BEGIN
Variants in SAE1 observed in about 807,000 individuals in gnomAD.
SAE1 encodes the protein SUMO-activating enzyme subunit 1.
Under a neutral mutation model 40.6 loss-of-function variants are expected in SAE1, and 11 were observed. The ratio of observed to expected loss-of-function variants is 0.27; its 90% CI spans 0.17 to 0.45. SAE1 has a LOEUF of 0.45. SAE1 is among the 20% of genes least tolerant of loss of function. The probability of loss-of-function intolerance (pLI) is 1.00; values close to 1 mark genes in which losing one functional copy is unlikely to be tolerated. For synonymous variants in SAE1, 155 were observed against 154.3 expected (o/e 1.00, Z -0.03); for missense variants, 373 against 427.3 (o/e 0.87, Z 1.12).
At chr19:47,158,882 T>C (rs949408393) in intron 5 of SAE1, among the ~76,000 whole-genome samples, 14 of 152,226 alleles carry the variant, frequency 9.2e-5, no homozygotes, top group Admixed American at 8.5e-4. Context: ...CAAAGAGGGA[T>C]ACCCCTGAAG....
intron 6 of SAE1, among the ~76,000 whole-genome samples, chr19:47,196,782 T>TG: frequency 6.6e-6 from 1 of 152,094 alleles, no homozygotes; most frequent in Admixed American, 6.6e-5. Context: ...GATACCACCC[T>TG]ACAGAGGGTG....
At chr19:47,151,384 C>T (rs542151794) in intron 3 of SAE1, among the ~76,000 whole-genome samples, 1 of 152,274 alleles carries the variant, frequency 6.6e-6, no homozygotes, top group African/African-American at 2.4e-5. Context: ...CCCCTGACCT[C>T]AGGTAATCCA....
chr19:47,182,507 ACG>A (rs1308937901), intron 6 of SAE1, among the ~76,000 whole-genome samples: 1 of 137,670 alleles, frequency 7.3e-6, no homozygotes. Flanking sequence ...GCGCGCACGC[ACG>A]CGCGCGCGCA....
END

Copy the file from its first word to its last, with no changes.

Variants in SAE1 observed in about 807,000 individuals in gnomAD.
SAE1 encodes the protein SUMO-activating enzyme subunit 1.
Under a neutral mutation model 40.6 loss-of-function variants are expected in SAE1, and 11 were observed. The ratio of observed to expected loss-of-function variants is 0.27; its 90% CI spans 0.17 to 0.45. SAE1 has a LOEUF of 0.45. SAE1 is among the 20% of genes least tolerant of loss of function. The probability of loss-of-function intolerance (pLI) is 1.00; values close to 1 mark genes in which losing one functional copy is unlikely to be tolerated. For synonymous variants in SAE1, 155 were observed against 154.3 expected (o/e 1.00, Z -0.03); for missense variants, 373 against 427.3 (o/e 0.87, Z 1.12).
At chr19:47,158,882 T>C (rs949408393) in intron 5 of SAE1, among the ~76,000 whole-genome samples, 14 of 152,226 alleles carry the variant, frequency 9.2e-5, no homozygotes, top group Admixed American at 8.5e-4. Context: ...CAAAGAGGGA[T>C]ACCCCTGAAG....
intron 6 of SAE1, among the ~76,000 whole-genome samples, chr19:47,196,782 T>TG: frequency 6.6e-6 from 1 of 152,094 alleles, no homozygotes; most frequent in Admixed American, 6.6e-5. Context: ...GATACCACCC[T>TG]ACAGAGGGTG....
At chr19:47,151,384 C>T (rs542151794) in intron 3 of SAE1, among the ~76,000 whole-genome samples, 1 of 152,274 alleles carries the variant, frequency 6.6e-6, no homozygotes, top group African/African-American at 2.4e-5. Context: ...CCCCTGACCT[C>T]AGGTAATCCA....
chr19:47,182,507 ACG>A (rs1308937901), intron 6 of SAE1, among the ~76,000 whole-genome samples: 1 of 137,670 alleles, frequency 7.3e-6, no homozygotes. Flanking sequence ...GCGCGCACGC[ACG>A]CGCGCGCGCA....